Mushrooms, also called toadstools, are members of the fungi family. Unlike plants, mushrooms do not need sunlight to grow, and are thus often found in shady locations. As of 2015, China was the world's single largest producer of cultivated, edible mushrooms.
Although most mushrooms are composed of about 90 percent water, they are also replete with essential nutrients. Such nutrients include copper, magnesium, thiamine and vitamin B. Additionally, a single Portabello mushroom commonly contains more potassium than a banana. Because of its nutritive capacity, the mushroom is a staple ingredient in traditional Chinese medicine. Some ancient Egyptians also believed that mushrooms were magical due to their incredibly rapid growth rate.
In addition to their nutritional value, mushrooms are also low in a number of negative dietary influences, such as fat, cholesterol and sodium. To properly store mushrooms, place them in a standard brown paper bag on the lowest shelf of the refrigerator. A cloth bag or clean tea towel works equally well. Avoid washing the mushrooms unless necessary. Mushrooms are valued in the culinary world for their extensive applicability, as in preparations including stews, sautés, casseroles, soups and sauces. They are also served raw or stuffed in many appetizers.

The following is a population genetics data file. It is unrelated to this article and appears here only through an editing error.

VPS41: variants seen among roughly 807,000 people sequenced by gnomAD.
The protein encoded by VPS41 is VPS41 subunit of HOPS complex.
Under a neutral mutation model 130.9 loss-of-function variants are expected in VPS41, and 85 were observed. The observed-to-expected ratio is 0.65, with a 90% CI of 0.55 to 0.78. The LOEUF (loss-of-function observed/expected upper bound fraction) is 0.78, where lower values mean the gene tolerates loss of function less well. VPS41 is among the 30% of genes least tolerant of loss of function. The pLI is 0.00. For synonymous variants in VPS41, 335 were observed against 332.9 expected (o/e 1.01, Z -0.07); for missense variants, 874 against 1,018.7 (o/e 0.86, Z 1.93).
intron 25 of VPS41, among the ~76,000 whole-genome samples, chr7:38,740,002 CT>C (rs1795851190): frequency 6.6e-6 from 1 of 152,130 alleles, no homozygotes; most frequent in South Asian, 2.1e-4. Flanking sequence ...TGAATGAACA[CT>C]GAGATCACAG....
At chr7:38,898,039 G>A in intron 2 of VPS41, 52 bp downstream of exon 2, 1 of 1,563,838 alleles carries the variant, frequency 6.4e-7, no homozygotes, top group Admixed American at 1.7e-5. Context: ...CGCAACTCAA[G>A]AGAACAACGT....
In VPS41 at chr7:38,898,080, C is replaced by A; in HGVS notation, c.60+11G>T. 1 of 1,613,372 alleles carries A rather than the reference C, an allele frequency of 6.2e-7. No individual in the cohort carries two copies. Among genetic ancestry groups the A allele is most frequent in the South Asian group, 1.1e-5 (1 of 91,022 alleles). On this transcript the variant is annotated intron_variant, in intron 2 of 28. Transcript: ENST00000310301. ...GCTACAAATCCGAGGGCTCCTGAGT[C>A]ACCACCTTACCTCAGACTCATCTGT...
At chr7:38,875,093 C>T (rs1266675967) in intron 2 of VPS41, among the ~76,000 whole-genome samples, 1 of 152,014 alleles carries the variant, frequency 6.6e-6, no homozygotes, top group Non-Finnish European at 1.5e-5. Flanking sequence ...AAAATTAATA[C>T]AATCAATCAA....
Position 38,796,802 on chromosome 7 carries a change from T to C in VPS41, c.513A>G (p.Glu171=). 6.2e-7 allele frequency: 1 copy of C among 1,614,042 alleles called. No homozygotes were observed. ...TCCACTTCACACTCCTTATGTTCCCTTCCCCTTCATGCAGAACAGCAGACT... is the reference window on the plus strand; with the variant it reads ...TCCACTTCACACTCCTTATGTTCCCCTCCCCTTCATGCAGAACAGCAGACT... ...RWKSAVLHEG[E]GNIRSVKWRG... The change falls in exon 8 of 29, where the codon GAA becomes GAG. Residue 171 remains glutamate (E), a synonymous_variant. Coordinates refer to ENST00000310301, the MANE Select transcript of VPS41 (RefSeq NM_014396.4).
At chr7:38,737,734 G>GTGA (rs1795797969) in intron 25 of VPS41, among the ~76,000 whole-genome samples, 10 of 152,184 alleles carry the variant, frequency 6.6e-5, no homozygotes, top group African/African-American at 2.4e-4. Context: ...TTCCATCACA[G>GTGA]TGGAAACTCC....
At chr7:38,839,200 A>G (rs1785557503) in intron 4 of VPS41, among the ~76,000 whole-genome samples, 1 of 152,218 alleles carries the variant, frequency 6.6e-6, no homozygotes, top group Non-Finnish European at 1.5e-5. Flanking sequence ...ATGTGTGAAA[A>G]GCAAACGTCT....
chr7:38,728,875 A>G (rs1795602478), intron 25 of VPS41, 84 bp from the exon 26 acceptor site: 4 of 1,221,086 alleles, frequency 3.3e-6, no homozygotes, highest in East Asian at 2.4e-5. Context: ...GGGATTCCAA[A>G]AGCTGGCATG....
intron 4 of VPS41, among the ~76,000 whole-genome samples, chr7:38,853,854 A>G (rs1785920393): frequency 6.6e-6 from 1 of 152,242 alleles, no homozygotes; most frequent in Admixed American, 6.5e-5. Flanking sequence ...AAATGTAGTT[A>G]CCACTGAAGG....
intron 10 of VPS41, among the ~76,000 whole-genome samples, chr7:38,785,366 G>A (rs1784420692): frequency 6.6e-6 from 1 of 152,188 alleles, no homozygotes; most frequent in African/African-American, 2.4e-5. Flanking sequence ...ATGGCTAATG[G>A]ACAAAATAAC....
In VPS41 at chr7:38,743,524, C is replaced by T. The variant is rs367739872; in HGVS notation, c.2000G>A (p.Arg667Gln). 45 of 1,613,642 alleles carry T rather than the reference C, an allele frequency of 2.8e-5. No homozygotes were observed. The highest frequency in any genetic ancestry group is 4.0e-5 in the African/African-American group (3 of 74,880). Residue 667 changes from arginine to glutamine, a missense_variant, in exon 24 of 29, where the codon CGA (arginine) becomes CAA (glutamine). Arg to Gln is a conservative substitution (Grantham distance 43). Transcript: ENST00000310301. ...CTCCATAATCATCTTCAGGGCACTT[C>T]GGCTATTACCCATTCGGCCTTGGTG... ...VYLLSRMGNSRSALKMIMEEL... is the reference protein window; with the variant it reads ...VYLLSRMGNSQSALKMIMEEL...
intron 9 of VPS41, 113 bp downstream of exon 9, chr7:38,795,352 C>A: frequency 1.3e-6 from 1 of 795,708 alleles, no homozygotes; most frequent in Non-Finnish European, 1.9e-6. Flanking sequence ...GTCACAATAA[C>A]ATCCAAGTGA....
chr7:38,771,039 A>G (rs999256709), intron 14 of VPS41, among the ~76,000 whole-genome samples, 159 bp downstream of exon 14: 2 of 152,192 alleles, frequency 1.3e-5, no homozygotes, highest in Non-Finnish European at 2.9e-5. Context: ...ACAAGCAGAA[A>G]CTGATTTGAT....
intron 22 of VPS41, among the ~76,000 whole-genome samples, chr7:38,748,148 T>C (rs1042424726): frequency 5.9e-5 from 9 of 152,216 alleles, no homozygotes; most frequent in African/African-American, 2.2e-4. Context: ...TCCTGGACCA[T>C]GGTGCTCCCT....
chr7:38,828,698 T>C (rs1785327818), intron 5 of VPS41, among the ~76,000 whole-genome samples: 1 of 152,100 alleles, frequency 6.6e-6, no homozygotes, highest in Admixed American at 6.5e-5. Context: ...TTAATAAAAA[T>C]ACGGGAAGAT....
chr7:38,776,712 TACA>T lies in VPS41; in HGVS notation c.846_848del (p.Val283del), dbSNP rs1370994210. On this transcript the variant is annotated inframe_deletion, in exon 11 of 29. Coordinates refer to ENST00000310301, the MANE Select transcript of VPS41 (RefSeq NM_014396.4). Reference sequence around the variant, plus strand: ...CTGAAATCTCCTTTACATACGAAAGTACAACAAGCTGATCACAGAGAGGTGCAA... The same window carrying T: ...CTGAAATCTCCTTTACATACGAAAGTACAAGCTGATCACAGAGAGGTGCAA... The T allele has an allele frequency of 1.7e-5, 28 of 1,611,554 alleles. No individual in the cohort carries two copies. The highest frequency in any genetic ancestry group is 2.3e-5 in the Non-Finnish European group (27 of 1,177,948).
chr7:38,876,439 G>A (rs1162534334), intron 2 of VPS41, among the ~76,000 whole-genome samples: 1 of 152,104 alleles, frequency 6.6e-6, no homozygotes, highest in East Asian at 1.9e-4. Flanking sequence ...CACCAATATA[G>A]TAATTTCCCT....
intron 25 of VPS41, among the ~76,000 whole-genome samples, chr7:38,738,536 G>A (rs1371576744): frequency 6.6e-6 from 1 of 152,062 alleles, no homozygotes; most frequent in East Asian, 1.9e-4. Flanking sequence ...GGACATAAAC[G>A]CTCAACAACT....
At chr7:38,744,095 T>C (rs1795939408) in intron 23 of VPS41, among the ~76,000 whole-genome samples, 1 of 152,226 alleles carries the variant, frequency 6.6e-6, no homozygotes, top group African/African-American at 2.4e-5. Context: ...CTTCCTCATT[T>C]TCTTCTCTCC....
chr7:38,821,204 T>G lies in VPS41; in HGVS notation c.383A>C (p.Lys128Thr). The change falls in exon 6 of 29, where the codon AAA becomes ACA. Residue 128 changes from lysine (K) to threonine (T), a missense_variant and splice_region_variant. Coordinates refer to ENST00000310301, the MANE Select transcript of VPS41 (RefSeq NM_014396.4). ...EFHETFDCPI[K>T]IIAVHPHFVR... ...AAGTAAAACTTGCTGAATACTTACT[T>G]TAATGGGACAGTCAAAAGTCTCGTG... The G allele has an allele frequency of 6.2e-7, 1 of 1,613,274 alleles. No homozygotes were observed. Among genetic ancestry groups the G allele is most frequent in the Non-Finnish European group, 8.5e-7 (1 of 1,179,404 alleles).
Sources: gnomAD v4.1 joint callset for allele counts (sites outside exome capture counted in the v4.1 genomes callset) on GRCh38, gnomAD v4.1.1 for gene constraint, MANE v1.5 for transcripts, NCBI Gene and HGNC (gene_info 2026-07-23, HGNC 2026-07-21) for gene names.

It is extremely dangerous to harvest and consume wild mushrooms without extensive expertise, as many are poisonous and even deadly.